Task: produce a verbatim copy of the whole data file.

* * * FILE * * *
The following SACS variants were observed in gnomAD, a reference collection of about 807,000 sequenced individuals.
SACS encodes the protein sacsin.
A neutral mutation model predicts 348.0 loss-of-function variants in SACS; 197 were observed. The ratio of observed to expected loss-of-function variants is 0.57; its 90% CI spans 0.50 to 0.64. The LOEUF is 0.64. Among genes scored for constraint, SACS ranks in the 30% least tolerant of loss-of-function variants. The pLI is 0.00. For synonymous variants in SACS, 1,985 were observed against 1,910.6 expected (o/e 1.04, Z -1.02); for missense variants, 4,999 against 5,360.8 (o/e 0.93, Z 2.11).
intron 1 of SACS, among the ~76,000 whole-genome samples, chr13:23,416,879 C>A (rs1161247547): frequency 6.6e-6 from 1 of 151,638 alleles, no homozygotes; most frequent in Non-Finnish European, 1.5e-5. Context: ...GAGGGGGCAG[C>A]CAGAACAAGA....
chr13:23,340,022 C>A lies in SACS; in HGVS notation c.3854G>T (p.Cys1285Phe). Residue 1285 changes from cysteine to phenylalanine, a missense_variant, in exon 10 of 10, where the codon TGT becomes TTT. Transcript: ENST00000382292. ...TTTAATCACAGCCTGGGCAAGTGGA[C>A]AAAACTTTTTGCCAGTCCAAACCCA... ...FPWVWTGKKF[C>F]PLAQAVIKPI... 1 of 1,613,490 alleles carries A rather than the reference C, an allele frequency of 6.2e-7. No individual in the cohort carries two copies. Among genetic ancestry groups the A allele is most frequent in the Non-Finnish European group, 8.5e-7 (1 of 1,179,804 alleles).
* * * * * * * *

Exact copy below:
The following SACS variants were observed in gnomAD, a reference collection of about 807,000 sequenced individuals.
SACS encodes the protein sacsin.
A neutral mutation model predicts 348.0 loss-of-function variants in SACS; 197 were observed. The ratio of observed to expected loss-of-function variants is 0.57; its 90% CI spans 0.50 to 0.64. The LOEUF is 0.64. Among genes scored for constraint, SACS ranks in the 30% least tolerant of loss-of-function variants. The pLI is 0.00. For synonymous variants in SACS, 1,985 were observed against 1,910.6 expected (o/e 1.04, Z -1.02); for missense variants, 4,999 against 5,360.8 (o/e 0.93, Z 2.11).
intron 1 of SACS, among the ~76,000 whole-genome samples, chr13:23,416,879 C>A (rs1161247547): frequency 6.6e-6 from 1 of 151,638 alleles, no homozygotes; most frequent in Non-Finnish European, 1.5e-5. Context: ...GAGGGGGCAG[C>A]CAGAACAAGA....
chr13:23,340,022 C>A lies in SACS; in HGVS notation c.3854G>T (p.Cys1285Phe). Residue 1285 changes from cysteine to phenylalanine, a missense_variant, in exon 10 of 10, where the codon TGT becomes TTT. Transcript: ENST00000382292. ...TTTAATCACAGCCTGGGCAAGTGGA[C>A]AAAACTTTTTGCCAGTCCAAACCCA... ...FPWVWTGKKF[C>F]PLAQAVIKPI... 1 of 1,613,490 alleles carries A rather than the reference C, an allele frequency of 6.2e-7. No individual in the cohort carries two copies. Among genetic ancestry groups the A allele is most frequent in the Non-Finnish European group, 8.5e-7 (1 of 1,179,804 alleles).